Commitment to education endears Sikhs

Venkat Raman

Education constitutes one of the most important activities of the Sikh community and the Khalsa School in the South Auckland suburb of Takanini is an example of such commitment.

The School and its Principal Jasvir Kaur marked their Silver Jubilee last year, in recognition of which, Judith Collins (then Ethnic Affairs Minister) honoured her with a trophy at a special function.

“We have always emphasised the importance of education and I am happy that we have people like Jasvir who ensure quality learning and teaching. It is great to honour such teachers,” she said.

Strength to strength

Established in 1989 with five students, the primary aim of the Khalsa School has been to promote the Punjabi language at Gurdwara Sri Guru Nanak Ji in Otahuhu. The School began with a modest intake of five children and one teacher.

Mrs Kaur’s commitment, combined with that of the community, enabled the School to grow from strength to strength, encouraging its relocation to Takanini in 2005, soon after the Takanini Gurdwara Sri Kalgidhar Shaib was established.

Name change

In 2009, the Supreme Sikh Society of New Zealand, which manages the School decided to change the name to ‘Sikh Heritage School,’ reflecting the need to protect and promote traditional values.

Over the years, thousands of students have benefited from the School.

Today, it accounts for about 285 children and 18 teachers and is administered by a three-member Management Board, of which popular dentist Dr Kiranpal Kaur is the Chairperson.

The Society acquired the land adjoining the School to construct a larger facility and cater to the growing needs of the community.

Noble objectives

On a general note, Khalsa Schools are dedicated to shape the character and personality of children and promote Academic, Sikh and Cultural programmes.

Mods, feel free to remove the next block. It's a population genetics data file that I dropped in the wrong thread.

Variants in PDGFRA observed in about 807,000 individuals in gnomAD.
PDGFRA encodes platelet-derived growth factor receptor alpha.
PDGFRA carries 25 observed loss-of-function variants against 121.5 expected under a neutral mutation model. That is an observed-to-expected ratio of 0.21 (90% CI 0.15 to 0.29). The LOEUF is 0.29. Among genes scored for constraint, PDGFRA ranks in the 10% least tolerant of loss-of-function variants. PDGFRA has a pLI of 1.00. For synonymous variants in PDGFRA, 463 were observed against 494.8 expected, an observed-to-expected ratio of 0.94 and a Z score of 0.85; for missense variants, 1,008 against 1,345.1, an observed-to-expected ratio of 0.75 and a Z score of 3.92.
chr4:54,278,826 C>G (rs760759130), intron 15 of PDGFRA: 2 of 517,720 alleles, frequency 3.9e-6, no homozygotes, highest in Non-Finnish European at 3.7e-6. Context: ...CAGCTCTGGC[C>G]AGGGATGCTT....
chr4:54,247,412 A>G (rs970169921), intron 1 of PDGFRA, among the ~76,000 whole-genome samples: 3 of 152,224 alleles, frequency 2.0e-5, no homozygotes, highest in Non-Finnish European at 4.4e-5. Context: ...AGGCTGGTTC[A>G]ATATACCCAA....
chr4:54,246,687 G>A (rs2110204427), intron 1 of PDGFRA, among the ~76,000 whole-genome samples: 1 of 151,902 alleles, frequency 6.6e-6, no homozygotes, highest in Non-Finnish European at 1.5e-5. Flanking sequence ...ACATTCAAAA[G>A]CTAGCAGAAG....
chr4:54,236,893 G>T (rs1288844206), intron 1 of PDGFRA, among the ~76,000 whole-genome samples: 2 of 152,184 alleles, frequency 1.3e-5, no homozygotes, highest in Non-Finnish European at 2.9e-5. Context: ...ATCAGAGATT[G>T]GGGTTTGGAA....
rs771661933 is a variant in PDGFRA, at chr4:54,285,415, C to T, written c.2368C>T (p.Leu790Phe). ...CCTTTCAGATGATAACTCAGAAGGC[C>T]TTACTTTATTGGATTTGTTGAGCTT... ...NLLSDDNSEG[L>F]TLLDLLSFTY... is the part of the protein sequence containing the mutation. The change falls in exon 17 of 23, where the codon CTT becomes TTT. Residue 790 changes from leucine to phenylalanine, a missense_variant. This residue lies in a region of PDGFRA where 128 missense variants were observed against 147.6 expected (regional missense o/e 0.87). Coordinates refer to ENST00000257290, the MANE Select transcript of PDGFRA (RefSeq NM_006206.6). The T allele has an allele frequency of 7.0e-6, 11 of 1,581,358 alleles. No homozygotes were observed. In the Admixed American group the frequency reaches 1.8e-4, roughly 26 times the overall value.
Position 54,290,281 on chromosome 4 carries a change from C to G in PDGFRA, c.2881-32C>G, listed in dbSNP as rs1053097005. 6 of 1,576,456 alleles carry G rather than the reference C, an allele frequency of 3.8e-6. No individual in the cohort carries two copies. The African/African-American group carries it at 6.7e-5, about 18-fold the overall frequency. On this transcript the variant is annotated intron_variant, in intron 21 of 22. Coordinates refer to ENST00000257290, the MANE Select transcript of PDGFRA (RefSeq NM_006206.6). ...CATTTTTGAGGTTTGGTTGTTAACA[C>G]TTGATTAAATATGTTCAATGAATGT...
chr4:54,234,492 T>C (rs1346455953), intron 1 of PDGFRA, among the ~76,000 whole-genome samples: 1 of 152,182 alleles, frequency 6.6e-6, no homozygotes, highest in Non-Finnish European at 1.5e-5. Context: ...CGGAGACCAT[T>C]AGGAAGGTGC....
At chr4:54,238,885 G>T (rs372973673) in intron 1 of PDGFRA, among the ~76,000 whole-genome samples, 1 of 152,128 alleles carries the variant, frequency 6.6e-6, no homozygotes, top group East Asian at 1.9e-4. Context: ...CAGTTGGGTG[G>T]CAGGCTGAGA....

These Schools provide the right environment to support and encourage students to maintain a Khalsa identity with high self-esteem and self-confidence.

Khalsa Schools challenge children to achieve the highest level of performance in body, mind and spirit in coordination with the school, home and the Sikh Religion and Philosophy.
The Curriculum of Khalsa Schools usually comprises Sikh History, Sikh Religion, Gurbani, Kirtan, Sikh Culture and Sikh Literature, in addition to teaching Punjabi.

Guru Angad, the second Guru stressed mental as well as physical development through Education, Sports and Discipline.

Nanak’s Teachings

Guru Nanak Dev, Founder of the Sikh religion said, “Salvation can only by gained by education and knowledge and not by futile acts or rituals like piercing ears. Make feat out of fear, hands ‘out of love and eyes out of education; in this way, O wise woman shall you meet the bridegroom (God).”

Guru Granth Sahib

According to Guru Granth Sahib, the true congregation of the true Guru, is the school for the soul, where the glorious virtues of the Lord are studied.

“He Himself is the school, He Himself is the teacher, and He Himself brings the students to be taught. Meeting with the Guru, be a sincere student of proper conduct, and suffering shall never touch you.  

The Sikh Movement

The teaching of Punjabi and the religious studies were made an essential part of the Sikh movement by Guru Arjan Dev.

However, Guru Hargobind formalised it and it was during his time that every Gurdwara had a school attached.

“Saintliness within, worldliness without; arms are for the protection of the poor and for the destruction of the enemy; education is for the knowledge of scriptures, Nanak gave up the world, and he (Hargobind) gave up worldliness”.

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